The following is a summary of “Sex-related differences in upper limb motor function in healthy subjects and multiple sclerosis patients: a multiparametric MRI study,” published in the August 2023 issue of Neurology by Bonacchi et al.
Researchers performed a retrospective study on upper limb motor performance, evaluated using the 9-Hole Peg Test (9HPT), in healthy controls (HC) and multiple sclerosis (MS) patients, along with their respective MRI substrates.
They included 94 HC and 133 patients with MS. These participants underwent a neurological assessment, the 9HPT, and a 3T brain MRI, which included sequences for analyzing regional gray matter volume (GMV), white matter (WM) fractional anisotropy (FA), and resting-state (RS) functional connectivity (FC). General linear models were employed to examine connections between MRI parameters and 9HPT results.
The results showed that 9HPT performance was better in HC than in MS patients and female HC than in males. In HC, better 9HPT performance was linked to higher GMV in motor and cognitive areas, stronger in females. In MS, worse 9HPT performance was tied to lower volume in these areas. Sex-related differences were minimal and mostly found in cerebellar regions. White matter FA analysis showed no links to 9HPT performance in HC and no gender differences in MS. Female HC shows stronger sensorimotor RS FC links to 9HPT performance than males. No gender differences in MS. No gender differences in the cerebellar network in HC. In male MS patients, stronger negative correlation in the left cerebellum than in females.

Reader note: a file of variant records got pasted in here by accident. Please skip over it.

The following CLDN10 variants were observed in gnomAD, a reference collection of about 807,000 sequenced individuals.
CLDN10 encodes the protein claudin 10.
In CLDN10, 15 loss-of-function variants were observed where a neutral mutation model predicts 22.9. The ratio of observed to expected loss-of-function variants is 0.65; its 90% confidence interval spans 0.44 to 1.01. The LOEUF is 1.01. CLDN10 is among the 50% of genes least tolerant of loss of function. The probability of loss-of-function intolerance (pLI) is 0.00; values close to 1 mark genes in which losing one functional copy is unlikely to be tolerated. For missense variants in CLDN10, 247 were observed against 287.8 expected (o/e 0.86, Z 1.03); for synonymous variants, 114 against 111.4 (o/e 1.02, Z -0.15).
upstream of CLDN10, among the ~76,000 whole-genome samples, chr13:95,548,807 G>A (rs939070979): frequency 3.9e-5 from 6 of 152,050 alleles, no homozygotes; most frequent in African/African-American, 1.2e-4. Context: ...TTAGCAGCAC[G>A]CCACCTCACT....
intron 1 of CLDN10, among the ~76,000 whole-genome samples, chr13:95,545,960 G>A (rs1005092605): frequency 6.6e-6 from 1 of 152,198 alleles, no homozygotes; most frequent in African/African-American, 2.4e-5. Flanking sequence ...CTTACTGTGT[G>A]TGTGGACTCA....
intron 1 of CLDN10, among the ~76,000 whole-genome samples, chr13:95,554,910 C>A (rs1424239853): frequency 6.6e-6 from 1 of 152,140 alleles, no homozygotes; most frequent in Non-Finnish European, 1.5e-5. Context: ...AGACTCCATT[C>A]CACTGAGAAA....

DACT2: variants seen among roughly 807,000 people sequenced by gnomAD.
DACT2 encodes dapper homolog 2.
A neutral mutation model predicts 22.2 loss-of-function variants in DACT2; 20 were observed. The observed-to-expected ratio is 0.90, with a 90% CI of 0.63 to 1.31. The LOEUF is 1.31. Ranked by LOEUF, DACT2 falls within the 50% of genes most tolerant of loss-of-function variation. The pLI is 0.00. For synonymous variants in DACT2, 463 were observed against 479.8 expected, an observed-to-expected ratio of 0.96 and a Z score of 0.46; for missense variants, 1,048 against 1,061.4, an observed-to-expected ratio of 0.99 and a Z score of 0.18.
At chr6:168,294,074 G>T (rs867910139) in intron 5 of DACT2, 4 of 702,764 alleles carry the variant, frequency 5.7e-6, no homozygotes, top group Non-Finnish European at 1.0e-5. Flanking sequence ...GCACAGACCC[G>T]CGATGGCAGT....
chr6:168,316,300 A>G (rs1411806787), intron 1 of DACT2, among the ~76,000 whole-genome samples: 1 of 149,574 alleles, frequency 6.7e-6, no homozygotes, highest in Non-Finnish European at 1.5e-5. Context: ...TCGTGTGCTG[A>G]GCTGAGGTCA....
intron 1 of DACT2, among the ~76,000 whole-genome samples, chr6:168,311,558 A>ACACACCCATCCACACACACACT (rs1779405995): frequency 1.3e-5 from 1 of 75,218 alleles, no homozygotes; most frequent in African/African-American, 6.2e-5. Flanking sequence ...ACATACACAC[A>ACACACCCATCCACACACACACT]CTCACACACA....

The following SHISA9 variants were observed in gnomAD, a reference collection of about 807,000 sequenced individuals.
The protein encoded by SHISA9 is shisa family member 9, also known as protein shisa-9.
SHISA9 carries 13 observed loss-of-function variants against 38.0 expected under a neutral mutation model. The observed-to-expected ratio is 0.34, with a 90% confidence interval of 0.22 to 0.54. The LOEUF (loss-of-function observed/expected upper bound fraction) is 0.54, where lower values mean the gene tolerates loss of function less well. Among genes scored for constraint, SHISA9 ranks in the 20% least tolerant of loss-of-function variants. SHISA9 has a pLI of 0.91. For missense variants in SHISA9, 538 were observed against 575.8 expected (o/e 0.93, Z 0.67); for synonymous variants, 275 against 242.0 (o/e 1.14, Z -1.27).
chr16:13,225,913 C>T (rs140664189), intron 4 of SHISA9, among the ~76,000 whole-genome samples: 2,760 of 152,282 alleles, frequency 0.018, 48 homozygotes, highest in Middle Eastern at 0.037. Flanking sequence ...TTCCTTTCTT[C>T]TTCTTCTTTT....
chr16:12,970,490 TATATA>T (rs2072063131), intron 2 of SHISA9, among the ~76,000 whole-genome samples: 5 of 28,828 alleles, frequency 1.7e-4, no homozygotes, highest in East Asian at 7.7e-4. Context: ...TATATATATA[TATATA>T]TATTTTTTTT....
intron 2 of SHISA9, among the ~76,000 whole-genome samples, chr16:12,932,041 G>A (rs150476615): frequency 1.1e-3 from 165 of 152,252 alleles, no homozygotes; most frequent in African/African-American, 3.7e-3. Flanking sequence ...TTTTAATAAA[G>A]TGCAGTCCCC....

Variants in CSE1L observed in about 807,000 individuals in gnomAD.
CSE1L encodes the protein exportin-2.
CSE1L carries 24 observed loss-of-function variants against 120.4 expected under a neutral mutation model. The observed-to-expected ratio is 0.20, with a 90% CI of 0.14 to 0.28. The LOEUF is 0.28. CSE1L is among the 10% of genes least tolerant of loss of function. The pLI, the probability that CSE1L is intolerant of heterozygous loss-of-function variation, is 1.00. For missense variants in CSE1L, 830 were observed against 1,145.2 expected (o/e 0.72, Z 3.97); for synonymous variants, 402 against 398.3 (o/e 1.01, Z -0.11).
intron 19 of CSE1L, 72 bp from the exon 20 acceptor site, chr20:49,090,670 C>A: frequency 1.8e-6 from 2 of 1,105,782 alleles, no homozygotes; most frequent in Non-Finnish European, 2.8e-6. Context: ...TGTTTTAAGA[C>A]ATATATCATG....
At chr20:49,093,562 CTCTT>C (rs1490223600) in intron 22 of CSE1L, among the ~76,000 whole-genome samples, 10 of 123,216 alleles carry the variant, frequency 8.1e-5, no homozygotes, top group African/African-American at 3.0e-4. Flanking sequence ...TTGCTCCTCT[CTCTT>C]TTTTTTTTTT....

They concluded sex influences 9HPT performance in HC through volume and RS FC, but the effects become secondary in MS.